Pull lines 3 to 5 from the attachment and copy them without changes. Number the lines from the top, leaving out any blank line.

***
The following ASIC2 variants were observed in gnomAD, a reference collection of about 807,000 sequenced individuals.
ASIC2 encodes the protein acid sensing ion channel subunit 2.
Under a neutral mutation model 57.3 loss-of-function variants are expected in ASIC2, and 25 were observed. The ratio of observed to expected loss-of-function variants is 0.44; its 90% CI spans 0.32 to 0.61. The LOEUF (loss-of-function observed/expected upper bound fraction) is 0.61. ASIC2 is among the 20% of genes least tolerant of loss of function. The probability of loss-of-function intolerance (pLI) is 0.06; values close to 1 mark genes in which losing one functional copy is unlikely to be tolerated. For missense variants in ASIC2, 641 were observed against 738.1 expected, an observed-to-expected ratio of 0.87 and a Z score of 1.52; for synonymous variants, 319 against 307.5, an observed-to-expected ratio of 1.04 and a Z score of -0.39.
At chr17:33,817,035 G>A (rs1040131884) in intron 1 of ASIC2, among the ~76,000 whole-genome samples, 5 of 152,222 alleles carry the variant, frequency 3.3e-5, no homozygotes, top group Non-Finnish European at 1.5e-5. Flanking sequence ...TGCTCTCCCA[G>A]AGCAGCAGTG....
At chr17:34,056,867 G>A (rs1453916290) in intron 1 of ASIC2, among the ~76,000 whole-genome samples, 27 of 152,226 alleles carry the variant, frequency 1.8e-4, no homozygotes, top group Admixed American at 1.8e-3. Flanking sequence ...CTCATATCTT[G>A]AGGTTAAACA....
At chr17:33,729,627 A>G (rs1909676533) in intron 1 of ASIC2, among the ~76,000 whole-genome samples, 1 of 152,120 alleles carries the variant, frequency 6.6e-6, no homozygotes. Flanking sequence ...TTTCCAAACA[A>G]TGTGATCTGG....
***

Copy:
Under a neutral mutation model 57.3 loss-of-function variants are expected in ASIC2, and 25 were observed. The ratio of observed to expected loss-of-function variants is 0.44; its 90% CI spans 0.32 to 0.61. The LOEUF (loss-of-function observed/expected upper bound fraction) is 0.61. ASIC2 is among the 20% of genes least tolerant of loss of function. The probability of loss-of-function intolerance (pLI) is 0.06; values close to 1 mark genes in which losing one functional copy is unlikely to be tolerated. For missense variants in ASIC2, 641 were observed against 738.1 expected, an observed-to-expected ratio of 0.87 and a Z score of 1.52; for synonymous variants, 319 against 307.5, an observed-to-expected ratio of 1.04 and a Z score of -0.39.
At chr17:33,817,035 G>A (rs1040131884) in intron 1 of ASIC2, among the ~76,000 whole-genome samples, 5 of 152,222 alleles carry the variant, frequency 3.3e-5, no homozygotes, top group Non-Finnish European at 1.5e-5. Flanking sequence ...TGCTCTCCCA[G>A]AGCAGCAGTG....
At chr17:34,056,867 G>A (rs1453916290) in intron 1 of ASIC2, among the ~76,000 whole-genome samples, 27 of 152,226 alleles carry the variant, frequency 1.8e-4, no homozygotes, top group Admixed American at 1.8e-3. Flanking sequence ...CTCATATCTT[G>A]AGGTTAAACA....